Monday, 6 August 2018

The death of a poet, no, two, in August

Everything doesn't please me, but some things do.
Granted, the station's lost its coordinates,
the road is a conceit of dirt, and yet -
it pleases me the old bus contains you.

You draw a single, quivery thread of pain
from my blood – weave a tree canopy
overhead; the pride of a flag flying free
from the direction of winds; a quatrain

that's also an anthem of olives, a dirge
for the lemon leaves, for fallen lintels,
ruined doorsteps. You shatter walls of cells
into a lilac leap where stars and hope merge.

Even though the old bus sputters and stops,
then dies. And the station's a long way off.


Last time I looked you were a tiny dot,
the bus-stop receding in the rear-view
and then vanishing, like things always do.
But I'd marked, and caressed the exact spot

in the dusty mirror where you had stood.
And it was more than enough to drive on.
But then a passenger screamed. A cell phone
squawked, and all canopies turned to deadwood.

The mirror's empty now, the bus is a wreck,
no station or stop, the horizon's bare -
breathe deep, breathe deep, but there's just no more air!
The flag's an ache because the shape of a speck

in glass will never again be seen, nor heard -
how will this longing ever be measured?

This is a response to "Nothing pleases me" by Mahmoud Darwish (13.03.1941 - 09.08.2008). The second death is Tagore's (07.05.1861-07.08.1941). Both are poets I deeply revere. Both became, in their lifetimes, the voice of their peoples' struggles against foreign powers/occupation. Both shaped identities, both, when they died, convulsed their nation/peoples, both transformed the prevailing literary landscapes, and both died in August. The aftermath of one death I have witnessed personally, and the other I have heard about from my family/community.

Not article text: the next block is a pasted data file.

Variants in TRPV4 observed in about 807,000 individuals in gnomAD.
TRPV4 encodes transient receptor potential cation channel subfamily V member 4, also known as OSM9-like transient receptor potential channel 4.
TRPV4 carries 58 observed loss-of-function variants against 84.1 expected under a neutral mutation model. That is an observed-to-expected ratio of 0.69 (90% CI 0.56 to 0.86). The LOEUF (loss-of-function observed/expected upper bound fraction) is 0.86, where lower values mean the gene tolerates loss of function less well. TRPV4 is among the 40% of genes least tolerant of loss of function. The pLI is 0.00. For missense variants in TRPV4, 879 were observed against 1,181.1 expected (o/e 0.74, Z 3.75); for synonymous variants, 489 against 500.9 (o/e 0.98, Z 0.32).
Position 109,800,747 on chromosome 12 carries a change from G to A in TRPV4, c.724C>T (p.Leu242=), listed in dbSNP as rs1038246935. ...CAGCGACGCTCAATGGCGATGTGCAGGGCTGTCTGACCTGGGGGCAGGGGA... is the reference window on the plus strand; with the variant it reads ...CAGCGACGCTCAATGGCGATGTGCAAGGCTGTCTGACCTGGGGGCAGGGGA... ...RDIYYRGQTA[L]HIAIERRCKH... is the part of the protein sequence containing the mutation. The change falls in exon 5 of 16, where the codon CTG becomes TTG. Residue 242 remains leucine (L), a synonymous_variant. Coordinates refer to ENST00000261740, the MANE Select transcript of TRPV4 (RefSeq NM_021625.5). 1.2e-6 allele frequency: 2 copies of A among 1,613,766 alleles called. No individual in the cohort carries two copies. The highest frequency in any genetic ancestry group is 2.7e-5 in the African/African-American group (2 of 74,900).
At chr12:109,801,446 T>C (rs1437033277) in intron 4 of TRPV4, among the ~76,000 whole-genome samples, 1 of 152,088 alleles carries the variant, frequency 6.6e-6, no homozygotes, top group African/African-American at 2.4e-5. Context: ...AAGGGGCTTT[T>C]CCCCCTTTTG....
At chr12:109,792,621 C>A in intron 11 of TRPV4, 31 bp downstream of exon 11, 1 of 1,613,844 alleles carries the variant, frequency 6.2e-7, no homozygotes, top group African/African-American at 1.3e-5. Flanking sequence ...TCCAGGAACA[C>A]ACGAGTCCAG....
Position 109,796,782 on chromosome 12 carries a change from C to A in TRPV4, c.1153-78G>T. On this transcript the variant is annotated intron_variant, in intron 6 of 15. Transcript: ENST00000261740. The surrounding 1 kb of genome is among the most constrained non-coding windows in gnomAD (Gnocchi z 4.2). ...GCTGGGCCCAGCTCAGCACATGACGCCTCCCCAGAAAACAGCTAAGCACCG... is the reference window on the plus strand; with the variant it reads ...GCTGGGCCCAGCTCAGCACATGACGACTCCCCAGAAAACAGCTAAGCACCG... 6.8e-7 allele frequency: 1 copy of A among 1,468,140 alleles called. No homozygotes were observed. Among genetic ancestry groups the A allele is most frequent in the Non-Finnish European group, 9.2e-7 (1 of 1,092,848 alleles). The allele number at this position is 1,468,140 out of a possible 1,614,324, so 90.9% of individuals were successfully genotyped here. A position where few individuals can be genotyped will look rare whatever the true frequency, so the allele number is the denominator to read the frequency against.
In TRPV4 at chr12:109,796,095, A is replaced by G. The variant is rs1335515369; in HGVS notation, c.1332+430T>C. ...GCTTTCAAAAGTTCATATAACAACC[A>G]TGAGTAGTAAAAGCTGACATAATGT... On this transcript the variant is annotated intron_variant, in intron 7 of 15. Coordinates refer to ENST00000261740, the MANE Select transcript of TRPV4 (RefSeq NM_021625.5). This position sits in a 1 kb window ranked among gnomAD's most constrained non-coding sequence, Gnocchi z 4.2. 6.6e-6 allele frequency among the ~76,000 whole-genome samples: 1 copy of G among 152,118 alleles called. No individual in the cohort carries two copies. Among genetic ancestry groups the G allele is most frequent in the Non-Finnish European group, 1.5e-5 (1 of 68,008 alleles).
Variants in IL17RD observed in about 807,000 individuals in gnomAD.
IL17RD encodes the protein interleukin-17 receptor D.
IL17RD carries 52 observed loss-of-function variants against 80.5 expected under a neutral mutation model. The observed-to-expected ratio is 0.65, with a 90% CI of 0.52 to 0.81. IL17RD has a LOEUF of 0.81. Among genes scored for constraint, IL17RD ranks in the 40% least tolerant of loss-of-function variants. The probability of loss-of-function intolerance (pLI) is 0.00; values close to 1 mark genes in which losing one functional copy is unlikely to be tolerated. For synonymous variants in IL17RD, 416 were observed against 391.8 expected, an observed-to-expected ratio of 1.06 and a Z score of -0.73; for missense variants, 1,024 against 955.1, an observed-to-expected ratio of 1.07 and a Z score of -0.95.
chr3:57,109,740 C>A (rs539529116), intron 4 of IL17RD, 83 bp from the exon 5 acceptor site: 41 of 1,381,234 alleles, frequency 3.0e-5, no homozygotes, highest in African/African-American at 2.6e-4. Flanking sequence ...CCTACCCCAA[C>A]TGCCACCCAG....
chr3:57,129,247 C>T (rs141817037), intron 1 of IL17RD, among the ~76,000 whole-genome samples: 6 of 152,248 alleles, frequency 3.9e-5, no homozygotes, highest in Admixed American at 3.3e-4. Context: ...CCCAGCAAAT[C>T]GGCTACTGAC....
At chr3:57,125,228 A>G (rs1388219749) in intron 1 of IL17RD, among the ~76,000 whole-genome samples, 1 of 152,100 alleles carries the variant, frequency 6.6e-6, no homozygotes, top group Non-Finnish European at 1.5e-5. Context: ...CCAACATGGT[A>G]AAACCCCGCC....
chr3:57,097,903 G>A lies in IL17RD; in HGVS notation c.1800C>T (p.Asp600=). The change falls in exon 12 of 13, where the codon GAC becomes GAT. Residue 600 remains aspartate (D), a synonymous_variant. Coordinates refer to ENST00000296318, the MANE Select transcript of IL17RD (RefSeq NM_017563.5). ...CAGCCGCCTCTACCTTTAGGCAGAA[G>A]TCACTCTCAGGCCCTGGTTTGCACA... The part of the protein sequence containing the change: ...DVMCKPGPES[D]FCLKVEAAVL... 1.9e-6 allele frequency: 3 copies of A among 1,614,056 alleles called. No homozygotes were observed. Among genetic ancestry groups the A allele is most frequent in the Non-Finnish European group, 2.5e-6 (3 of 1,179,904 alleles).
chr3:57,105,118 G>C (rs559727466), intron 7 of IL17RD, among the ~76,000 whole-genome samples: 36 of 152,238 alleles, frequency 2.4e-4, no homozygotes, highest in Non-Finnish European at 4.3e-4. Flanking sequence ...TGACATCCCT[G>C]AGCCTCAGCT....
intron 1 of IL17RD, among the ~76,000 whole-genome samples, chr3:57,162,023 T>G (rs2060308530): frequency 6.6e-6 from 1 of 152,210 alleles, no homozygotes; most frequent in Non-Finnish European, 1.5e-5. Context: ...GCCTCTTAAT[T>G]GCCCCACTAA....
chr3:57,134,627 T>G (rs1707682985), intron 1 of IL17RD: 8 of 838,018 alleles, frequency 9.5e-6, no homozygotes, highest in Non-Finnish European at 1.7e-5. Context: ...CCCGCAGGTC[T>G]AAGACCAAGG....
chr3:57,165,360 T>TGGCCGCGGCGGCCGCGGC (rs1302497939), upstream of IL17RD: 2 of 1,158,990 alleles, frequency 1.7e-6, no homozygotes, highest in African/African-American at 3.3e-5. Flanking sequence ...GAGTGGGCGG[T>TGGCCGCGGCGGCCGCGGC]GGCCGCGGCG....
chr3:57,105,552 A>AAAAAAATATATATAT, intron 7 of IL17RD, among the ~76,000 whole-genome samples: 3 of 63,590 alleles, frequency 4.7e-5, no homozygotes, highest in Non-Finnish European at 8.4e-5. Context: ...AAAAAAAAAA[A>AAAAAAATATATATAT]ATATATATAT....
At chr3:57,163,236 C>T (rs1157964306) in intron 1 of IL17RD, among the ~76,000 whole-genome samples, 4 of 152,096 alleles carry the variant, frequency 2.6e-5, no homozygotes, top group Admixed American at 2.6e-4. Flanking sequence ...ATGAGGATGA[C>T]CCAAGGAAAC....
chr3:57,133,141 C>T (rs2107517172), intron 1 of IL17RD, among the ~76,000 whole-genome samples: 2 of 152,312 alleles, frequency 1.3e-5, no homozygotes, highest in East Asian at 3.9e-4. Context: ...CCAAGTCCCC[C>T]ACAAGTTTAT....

The diptych above was written as part of a MOOC I took last year and forgot about till now. My homage to both poets with it. 


I am finally back to blogging on a regular lappie instead of pebble-sized screens where 'nothing pleases me' in terms of the font size, if you know what I mean. Squint till cross eyed and then manage to decipher half a word, no, I think not, thanks very much.  Sticking to the bigger and less sleek devices. I have a pile of posts and emails to catch up on which will happen over the next week as I settle back into my old mouse potato mode...